Canada’s At Home/Chez Soi Project

At Home/Chez Soi was a “research demonstration project”, which aimed to demonstrate the effectiveness of applying the Housing First approach to support people experiencing homelessness and related challenges to their mental health and issues with alcohol and other drugs in the Canadian context.[1] The principle of Housing First is “housing people directly from the streets, without precondition”.[2]

The project was a response to growing concerns over the levels of homelessness in Canada, the costs attached to these issues through strains on public services infrastructure, and a human rights complaint received by the UN in the lead up to the 2010 Winter Olympics in Vancouver. The project was overwhelmingly successful in garnering public attention and support, and demonstrating the benefits of Housing First in Canada. It facilitated supporting people experiencing homelessness in communities and delivered public savings. The key points to emerge from the project are the importance of political expediency, the employment of key policy entrepreneurs who can translate research findings into public policy, and the potential for rigorous and public-facing research to develop successful policies.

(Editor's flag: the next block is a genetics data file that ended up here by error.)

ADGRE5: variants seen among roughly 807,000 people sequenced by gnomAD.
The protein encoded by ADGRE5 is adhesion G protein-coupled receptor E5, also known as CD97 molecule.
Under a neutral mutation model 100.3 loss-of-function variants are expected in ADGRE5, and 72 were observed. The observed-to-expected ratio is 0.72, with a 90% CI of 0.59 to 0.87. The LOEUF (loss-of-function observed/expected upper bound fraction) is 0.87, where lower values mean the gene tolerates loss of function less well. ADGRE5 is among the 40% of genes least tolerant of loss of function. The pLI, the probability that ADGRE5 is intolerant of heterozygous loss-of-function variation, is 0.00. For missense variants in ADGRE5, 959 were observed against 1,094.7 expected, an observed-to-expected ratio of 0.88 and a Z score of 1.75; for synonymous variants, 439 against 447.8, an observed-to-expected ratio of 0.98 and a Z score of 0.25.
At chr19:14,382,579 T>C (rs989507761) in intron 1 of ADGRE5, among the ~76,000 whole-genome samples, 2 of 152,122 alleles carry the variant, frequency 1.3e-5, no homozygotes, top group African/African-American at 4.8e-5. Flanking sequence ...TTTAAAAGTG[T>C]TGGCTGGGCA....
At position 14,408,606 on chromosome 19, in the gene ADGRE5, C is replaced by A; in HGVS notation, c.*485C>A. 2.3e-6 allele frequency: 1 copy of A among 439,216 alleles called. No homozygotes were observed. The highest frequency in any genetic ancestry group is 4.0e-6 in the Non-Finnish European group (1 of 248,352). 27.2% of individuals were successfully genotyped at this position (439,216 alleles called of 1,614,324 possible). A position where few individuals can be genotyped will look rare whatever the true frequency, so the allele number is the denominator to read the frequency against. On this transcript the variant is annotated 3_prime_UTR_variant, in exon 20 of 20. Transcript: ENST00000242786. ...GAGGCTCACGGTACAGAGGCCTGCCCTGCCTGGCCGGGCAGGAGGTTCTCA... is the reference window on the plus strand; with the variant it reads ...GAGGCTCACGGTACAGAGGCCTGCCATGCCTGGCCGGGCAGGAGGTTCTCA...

The challenge

The At Home/Chez Soi research demonstration project was implemented in response to three mutually compounding challenges: up to 200,000 people experience homelessness annually across Canada; 67 per cent of those reported experiencing challenges to their mental health in their lifetime; and issues associated with homelessness “costs seven billion dollars each year in healthcare, justice and social service use”.[1]

These issues relate specifically to the requirement for people experiencing homelessness to prove that they are tackling personal issues such as addiction and mental health problems before they can become eligible for access to community services.[3] Though these problems have worsened since deinstitutionalisation began in the 1970s, they received greater attention in the runup to Vancouver 2010. The UN received a human rights complaint from an Olympic watchdog group, and issued a set of recommendations relating to homelessness in Canada, and Vancouver in particular.[4]